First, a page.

Friday, 16 October 2020

Prince of Wales

Eight and a half years ago, I got on a train to Tonfanau.  It's a request stop so I dutifully asked the guard to stop at the station.  She corrected my pronunciation.  And thus, another anxiety was born.  

It is the height of disrespect to mispronounce a place name simply because you're a boring old Englishman who speaks only one language.  On the other hand, Wales, give us a break.  My next destination was Tal-y-cafn station, and who even knows?  I stood at the bus stop and ran pronunciations over in my head.  Tallycafn.  Tal-E-Cavn.  Tellistdatnecag.  When the bus arrived, I stood in front of the driver and strongly and confidently asked for a single to Llanrwrst.  I could get off early.

The bus clattered around the back lanes from Glan Conwy.  The quickest route is straight down the A470, but there are hamlets hidden in the hills so the bus went in search of them.  The driver was only paying half-attention the whole time.  He'd propped his phone up on the wheel and was playing a fruit machine game, idly tapping at the arm, watching the wheels spin, then tapping it again.  It added a frisson of danger to every corner, every upcoming tree, every vertiginous drop off the side of the road.  I hadn't really planned on plummeting to my death in a single decker but, hey, sometimes life throws these options at you.  I was glad to ding the bell and jump off at Tal-y-Cafn station.


The problem was that now I had a two hour wait at a lonely station.  The building on the corner, which I guessed was a pub at one point, was being redeveloped into a large grey house.  Beyond that there were a couple of houses and the River Conwy beyond. 


I looked at that old sign.  Firstly I was glad I'd not had to try and say Eglwysbach.  But secondly it made me think: if a railway company added a suffix to the station name in the old days, it was usually a much larger village that was close by.  I brought up Google Maps and discovered that, yes, Eglwysbach was up in the hills, and a relatively short walk away.  I could easily make my way up there, have a look round, then wander back down to the station before my train south arrived.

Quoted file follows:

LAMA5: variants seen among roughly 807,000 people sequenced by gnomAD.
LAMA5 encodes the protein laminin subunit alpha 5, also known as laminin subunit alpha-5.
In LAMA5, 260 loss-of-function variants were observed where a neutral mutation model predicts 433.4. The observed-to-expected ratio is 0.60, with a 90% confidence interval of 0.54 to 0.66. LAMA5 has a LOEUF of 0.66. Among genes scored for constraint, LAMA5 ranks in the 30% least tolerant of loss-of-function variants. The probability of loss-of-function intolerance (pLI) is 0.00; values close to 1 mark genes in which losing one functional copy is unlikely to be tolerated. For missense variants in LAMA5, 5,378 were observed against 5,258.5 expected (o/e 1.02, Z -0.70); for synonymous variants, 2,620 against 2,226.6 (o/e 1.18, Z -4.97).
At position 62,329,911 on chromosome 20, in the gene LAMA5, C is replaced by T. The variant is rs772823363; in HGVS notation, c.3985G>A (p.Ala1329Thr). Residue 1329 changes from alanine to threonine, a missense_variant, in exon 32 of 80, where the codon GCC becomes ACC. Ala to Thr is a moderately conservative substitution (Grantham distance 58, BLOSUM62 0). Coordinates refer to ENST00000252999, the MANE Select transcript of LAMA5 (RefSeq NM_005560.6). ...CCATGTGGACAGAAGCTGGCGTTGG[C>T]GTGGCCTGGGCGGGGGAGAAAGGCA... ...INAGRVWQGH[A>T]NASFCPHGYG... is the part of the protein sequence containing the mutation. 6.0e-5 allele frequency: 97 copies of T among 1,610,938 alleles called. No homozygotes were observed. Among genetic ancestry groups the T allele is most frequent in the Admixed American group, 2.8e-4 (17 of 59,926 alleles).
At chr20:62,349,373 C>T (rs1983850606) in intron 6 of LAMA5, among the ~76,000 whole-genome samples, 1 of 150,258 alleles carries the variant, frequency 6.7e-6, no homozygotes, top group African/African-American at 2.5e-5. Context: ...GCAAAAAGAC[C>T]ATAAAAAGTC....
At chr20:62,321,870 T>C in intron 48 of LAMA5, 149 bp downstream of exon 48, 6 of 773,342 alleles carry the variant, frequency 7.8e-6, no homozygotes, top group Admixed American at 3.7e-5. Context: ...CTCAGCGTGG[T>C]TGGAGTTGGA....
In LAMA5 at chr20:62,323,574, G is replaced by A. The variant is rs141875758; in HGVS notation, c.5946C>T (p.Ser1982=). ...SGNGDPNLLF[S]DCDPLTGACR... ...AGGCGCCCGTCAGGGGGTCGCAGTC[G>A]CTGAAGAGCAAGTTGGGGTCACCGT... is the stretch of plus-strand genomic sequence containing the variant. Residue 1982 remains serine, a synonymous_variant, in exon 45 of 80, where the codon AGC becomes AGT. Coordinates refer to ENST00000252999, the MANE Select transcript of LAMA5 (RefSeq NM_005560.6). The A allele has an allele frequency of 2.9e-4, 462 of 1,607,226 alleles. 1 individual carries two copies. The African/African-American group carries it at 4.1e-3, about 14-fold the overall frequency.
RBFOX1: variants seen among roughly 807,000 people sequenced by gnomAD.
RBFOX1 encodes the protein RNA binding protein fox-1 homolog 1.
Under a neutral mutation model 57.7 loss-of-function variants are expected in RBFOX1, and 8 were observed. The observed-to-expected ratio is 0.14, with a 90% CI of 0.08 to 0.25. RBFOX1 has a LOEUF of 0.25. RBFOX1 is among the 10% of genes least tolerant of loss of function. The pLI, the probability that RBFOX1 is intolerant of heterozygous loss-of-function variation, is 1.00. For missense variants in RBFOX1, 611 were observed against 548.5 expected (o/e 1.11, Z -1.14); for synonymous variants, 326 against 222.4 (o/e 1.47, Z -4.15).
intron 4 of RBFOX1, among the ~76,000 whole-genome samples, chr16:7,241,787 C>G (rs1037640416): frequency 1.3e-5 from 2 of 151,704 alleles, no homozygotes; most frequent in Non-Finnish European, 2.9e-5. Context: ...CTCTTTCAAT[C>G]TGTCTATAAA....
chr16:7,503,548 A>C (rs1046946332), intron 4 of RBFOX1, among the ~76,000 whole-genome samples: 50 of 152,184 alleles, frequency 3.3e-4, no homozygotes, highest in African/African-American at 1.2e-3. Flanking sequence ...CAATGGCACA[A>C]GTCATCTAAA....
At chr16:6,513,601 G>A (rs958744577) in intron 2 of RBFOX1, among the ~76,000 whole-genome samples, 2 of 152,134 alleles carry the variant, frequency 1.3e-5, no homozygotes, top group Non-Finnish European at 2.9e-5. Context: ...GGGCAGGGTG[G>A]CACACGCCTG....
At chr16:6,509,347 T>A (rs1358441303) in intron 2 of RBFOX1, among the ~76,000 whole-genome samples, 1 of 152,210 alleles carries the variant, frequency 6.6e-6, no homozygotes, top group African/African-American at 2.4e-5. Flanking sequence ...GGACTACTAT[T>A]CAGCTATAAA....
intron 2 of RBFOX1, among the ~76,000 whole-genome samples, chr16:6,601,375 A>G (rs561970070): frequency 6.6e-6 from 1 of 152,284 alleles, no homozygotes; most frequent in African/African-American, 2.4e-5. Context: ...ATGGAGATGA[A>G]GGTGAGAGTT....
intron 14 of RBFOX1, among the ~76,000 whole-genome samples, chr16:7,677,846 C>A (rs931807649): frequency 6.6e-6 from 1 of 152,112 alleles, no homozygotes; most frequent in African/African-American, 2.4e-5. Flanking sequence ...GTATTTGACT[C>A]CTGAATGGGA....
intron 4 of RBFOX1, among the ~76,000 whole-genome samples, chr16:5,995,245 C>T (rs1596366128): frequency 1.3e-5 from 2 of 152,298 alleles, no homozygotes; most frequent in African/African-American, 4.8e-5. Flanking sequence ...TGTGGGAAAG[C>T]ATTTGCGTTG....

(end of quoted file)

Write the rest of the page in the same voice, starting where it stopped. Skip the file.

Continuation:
About eight minutes later I was regretting this decision.  The roads went up, relentlessly, a steep but continual climb to get me away from the low of the river.  It made my calf muscles tense and my ankles ache.  The reward was, of course, the view, as I caught glimpses of valleys and farm houses stretching into the distance, still wet and green from the morning's rain.


I passed some abandoned farm buildings which will no doubt be turned into a holiday home any day now and then turned into the village of Eglwysbach.  Low bungalows hugged a silent main street with a plain church the only landmark.  It was peaceful, almost aggressively so, with no cars or pedestrians.  The kind of place kids are desperate to leave and pensioners are desperate to go to.  


My OS Map app had shown me that there was a footpath through the woods to take me back down towards the station, so I crossed a stream by a single slab of rock and disappeared into a woodland.  It was a carefully laid out path, with wooden bridges to take me over the meanders and plenty of space to move.  Well-trodden from dog walkers and hikers and, judging by some of the litter, Eglwysbach's more rebellious teens.


Soon I was back on the road to the station, only downwards this time, trying not to slip on the wet tarmac and being able to take in the view.  Wales is an astonishingly beautiful place.  No wonder half of England wants to buy it up for weekend cottages.


That brought me back to the station with plenty of time to spare.  I settled in on the bench and put on a podcast and let myself drift for a while until the train came.


My plan at Dolgarrog was that I would cross the Conwy via the footbridge by the station, then head south via the quiet roads on the far side of the river.  I was out of luck.  The station was swarming with Network Rail employees, all suited in bright orange and politely waiting for the train to pass so they could resume their work.  The footbridge was blocked by a nylon mesh.  It looked temporary, and if I'd hung about they'd have probably packed up and gone, but I didn't want to risk it.  Instead I walked up to the main road. 


The A470 is a busy road.  It joins the two principal routes across North and Mid Wales, the A5 and the A55, and it does so without taking you over the mountains.  It also doesn't have a footpath.

My heart pounding, I wedged myself in the hillside as much as possible.  Brambles scraped at my arm.  Stinging nettles beat at my legs.  Every now and then a truck would go by and I'd cower, dust blown in my face.  Every passing place and driveway was a blessed relief from the relentless stream of traffic.  After a while, a gravel drainage channel appeared on one side of the road, so I darted across and walked on that.  It was uncomfortable but at least the cars didn't need to avoid me.

I was starting to wonder how much longer I could do this.  It was three and a half miles to Llanrwst, about an hour's walk, and the stress was really getting to me.  It was horrible.